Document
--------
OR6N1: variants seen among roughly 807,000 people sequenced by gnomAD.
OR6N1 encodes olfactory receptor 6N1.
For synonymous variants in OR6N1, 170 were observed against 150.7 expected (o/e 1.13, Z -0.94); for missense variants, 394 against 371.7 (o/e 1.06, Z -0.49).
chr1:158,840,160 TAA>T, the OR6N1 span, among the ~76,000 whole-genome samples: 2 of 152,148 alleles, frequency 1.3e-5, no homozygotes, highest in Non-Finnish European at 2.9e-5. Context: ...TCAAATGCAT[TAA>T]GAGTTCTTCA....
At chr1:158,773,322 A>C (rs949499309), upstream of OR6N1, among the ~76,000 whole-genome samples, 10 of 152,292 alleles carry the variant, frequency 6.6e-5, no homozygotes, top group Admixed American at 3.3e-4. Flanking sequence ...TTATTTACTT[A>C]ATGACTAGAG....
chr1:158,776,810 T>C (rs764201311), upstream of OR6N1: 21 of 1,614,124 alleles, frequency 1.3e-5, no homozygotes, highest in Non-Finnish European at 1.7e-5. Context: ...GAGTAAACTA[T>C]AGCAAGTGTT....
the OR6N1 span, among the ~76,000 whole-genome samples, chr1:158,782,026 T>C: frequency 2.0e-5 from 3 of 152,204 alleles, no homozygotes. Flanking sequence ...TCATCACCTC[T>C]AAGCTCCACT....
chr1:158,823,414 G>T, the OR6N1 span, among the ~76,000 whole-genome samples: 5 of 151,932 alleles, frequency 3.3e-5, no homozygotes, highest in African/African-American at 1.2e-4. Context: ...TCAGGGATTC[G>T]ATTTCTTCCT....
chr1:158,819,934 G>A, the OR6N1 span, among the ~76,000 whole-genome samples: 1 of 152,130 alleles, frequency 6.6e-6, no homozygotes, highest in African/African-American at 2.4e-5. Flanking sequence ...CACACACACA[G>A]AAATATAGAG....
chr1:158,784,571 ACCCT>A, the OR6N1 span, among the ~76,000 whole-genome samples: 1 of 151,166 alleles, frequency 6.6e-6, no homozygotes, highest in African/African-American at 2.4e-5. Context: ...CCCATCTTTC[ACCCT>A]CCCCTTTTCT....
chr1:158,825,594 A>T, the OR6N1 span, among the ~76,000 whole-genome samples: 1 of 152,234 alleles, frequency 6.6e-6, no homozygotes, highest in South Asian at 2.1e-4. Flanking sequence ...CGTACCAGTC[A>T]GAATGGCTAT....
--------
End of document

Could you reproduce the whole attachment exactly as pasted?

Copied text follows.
OR6N1: variants seen among roughly 807,000 people sequenced by gnomAD.
OR6N1 encodes olfactory receptor 6N1.
For synonymous variants in OR6N1, 170 were observed against 150.7 expected (o/e 1.13, Z -0.94); for missense variants, 394 against 371.7 (o/e 1.06, Z -0.49).
chr1:158,840,160 TAA>T, the OR6N1 span, among the ~76,000 whole-genome samples: 2 of 152,148 alleles, frequency 1.3e-5, no homozygotes, highest in Non-Finnish European at 2.9e-5. Context: ...TCAAATGCAT[TAA>T]GAGTTCTTCA....
At chr1:158,773,322 A>C (rs949499309), upstream of OR6N1, among the ~76,000 whole-genome samples, 10 of 152,292 alleles carry the variant, frequency 6.6e-5, no homozygotes, top group Admixed American at 3.3e-4. Flanking sequence ...TTATTTACTT[A>C]ATGACTAGAG....
chr1:158,776,810 T>C (rs764201311), upstream of OR6N1: 21 of 1,614,124 alleles, frequency 1.3e-5, no homozygotes, highest in Non-Finnish European at 1.7e-5. Context: ...GAGTAAACTA[T>C]AGCAAGTGTT....
the OR6N1 span, among the ~76,000 whole-genome samples, chr1:158,782,026 T>C: frequency 2.0e-5 from 3 of 152,204 alleles, no homozygotes. Flanking sequence ...TCATCACCTC[T>C]AAGCTCCACT....
chr1:158,823,414 G>T, the OR6N1 span, among the ~76,000 whole-genome samples: 5 of 151,932 alleles, frequency 3.3e-5, no homozygotes, highest in African/African-American at 1.2e-4. Context: ...TCAGGGATTC[G>T]ATTTCTTCCT....
chr1:158,819,934 G>A, the OR6N1 span, among the ~76,000 whole-genome samples: 1 of 152,130 alleles, frequency 6.6e-6, no homozygotes, highest in African/African-American at 2.4e-5. Flanking sequence ...CACACACACA[G>A]AAATATAGAG....
chr1:158,784,571 ACCCT>A, the OR6N1 span, among the ~76,000 whole-genome samples: 1 of 151,166 alleles, frequency 6.6e-6, no homozygotes, highest in African/African-American at 2.4e-5. Context: ...CCCATCTTTC[ACCCT>A]CCCCTTTTCT....
chr1:158,825,594 A>T, the OR6N1 span, among the ~76,000 whole-genome samples: 1 of 152,234 alleles, frequency 6.6e-6, no homozygotes, highest in South Asian at 2.1e-4. Flanking sequence ...CGTACCAGTC[A>T]GAATGGCTAT....